considers this.  If the period number to be analysed is greater than the period of usage the formula returns empty data (“”)."the period of usage the formula returns empty data (“”).  So far, so good.  The next period to consider is the actual period items are purchased and used (i.e. the leading diagonal of the grid), when the period number in the row and column are equal:

IF(J$24=$E25,MAX(J$13-J$14,0), …

In this situation, the remaining stock would be given by any excess of purchases over COGS usage, so for cell J25 this would equate to MAX(J$13-J$14,0).  The restriction is so that this number may not go negative.  It’s a simple calculation.  The issue is what follows!


Here, I have constructed a formula that is both replicable and scalable (this is why I have needed the OFFSET function). 

Given the recursive nature of the calculation, perhaps starting in Period 1 is not ideal as this situation cannot occur (this calculation only comes into force when we are looking to use prior period inventory to service current year usage – in the first period, by definition, we will have no prior inventory in this example).

Therefore, it is probably more appropriate to consider the copied down formula in cell J26 instead:


Let’s first consider the difference between the purchases made in Period 2 (cell K13, 20) and the COGS usage (cell K14, 14).  This would be given by the formula


Now the problem here is I want to copy this formula across the row so that it always references these cells:


That’s OK, but when I copy the formula down a row I also need it to anchor to rows 13 and 14 respectively:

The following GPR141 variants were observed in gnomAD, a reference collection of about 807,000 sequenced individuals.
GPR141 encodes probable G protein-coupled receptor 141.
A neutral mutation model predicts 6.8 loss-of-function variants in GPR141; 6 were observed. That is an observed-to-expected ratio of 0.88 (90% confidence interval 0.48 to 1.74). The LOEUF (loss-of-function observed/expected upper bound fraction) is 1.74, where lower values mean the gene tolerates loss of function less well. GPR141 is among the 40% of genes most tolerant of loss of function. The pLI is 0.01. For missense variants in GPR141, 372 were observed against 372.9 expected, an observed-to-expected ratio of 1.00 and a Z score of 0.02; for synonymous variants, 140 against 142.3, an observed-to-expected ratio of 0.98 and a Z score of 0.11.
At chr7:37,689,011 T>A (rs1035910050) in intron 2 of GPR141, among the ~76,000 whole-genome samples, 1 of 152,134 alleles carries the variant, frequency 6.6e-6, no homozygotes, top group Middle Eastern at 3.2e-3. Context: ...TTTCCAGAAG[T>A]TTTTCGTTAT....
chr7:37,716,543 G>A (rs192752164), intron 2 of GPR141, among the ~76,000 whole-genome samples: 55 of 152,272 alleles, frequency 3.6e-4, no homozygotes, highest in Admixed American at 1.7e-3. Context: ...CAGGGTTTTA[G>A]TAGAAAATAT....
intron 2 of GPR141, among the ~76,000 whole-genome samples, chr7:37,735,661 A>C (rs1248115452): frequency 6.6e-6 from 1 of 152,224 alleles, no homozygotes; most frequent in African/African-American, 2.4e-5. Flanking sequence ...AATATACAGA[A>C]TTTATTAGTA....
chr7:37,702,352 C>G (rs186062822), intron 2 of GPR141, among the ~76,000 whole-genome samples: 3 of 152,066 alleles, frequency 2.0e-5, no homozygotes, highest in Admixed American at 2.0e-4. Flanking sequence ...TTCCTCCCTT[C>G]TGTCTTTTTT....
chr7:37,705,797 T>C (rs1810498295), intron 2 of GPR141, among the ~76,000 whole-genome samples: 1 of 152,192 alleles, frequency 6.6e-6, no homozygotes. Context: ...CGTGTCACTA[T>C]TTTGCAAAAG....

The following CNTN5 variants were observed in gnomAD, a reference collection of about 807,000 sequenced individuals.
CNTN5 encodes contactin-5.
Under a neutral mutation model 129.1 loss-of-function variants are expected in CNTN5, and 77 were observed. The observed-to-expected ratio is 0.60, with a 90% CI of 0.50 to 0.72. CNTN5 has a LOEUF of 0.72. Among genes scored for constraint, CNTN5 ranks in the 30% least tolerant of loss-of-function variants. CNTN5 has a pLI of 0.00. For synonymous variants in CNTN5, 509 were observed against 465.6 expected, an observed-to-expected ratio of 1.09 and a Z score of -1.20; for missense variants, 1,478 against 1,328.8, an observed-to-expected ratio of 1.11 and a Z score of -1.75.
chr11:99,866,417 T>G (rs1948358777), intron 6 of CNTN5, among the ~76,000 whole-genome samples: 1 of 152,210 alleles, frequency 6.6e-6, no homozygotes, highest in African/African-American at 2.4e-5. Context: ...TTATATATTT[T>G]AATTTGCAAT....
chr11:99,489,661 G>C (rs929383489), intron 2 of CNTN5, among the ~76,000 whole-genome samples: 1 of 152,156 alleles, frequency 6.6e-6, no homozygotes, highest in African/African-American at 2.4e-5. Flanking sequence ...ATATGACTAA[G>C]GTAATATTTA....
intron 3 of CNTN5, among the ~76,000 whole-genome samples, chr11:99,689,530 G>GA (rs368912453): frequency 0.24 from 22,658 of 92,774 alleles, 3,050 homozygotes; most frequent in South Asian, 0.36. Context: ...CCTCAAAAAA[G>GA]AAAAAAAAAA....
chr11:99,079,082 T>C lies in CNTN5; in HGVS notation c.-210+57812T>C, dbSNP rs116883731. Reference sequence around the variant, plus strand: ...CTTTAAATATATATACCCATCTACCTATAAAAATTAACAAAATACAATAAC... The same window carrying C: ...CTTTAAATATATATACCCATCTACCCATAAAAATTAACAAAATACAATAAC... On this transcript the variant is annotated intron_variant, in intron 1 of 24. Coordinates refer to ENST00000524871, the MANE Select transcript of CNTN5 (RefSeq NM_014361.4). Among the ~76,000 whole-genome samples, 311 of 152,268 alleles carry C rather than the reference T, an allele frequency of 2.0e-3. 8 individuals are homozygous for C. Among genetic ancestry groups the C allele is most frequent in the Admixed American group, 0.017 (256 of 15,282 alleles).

However, on the next row down I will want to reference rows L13-L14,etc.  I would have to write a different formula each row, which would become cumbersome: imagine coding a 20-year monthly model.  No thank you.  This is why I use


This uses the cell before the first purchased amount and the first used amount and then moves one column across for every row of the table (so Period 1 will use column J, Period 2 will use column K, etc.).  This now makes sense.

Whilst this formula seems long this is now keeping track of the surplus or deficit of the purchases with regard to the COGS usage for the current period.  I write it this way round so that if it is in deficit it will be negative.  Let me park this part of the calculation for a second.

Allow me to now consider


This formula considers the cell directly above the cell in question (so here it references J25 as the formula is in cell J26).  It doesn’t move any rows or columns and the height / depth is not defined (so it will just be the current row) but the width is given by the formula $E26-J$24, i.e. the current period number less the period number of the inventory being considered.  Therefore, for cell J26, the width would be the current period (2) less the period the inventory in question was acquired (1), which would be 2 – 1 = 1.  Thus, SUM(OFFSET(J25,,,,$E26-J$24)) is equivalent to =SUM(J25)

That seems convoluted.

But let’s take the formula in cell K30 instead (the formula relating to inventory acquired in Period 2 but considered in Period 6):


The relevant part of the formula here would be


Here, the width would be the current period (6) less the period the inventory in question was acquired (2), which would be 6 – 2 = 4.  Thus, SUM(OFFSET(K29,,,,$E30-K$24)) is equivalent to =SUM(K29:N29).  Similarly, the relevant part of the formula in cell L30 would be =SUM(L29:N29)and the formula in cell M30 would be =SUM(M29:N29).

This is a cumulative sum in reverse and has the same effect as putting the formula


in cell N30 and copying itright to left.  The advantage of using the SUM(OFFSET) formula is you may copy it down and across the entire matrix: it is repeatable and scalable, even if it is unintelligible!

Thus, returning to our original formula in cell J25,


this formula sums all the past inventory available acquired from that inventory period onwards that is still available (this is why it refers to the previous row) and adds any current period surplus / deducts any current period deficit.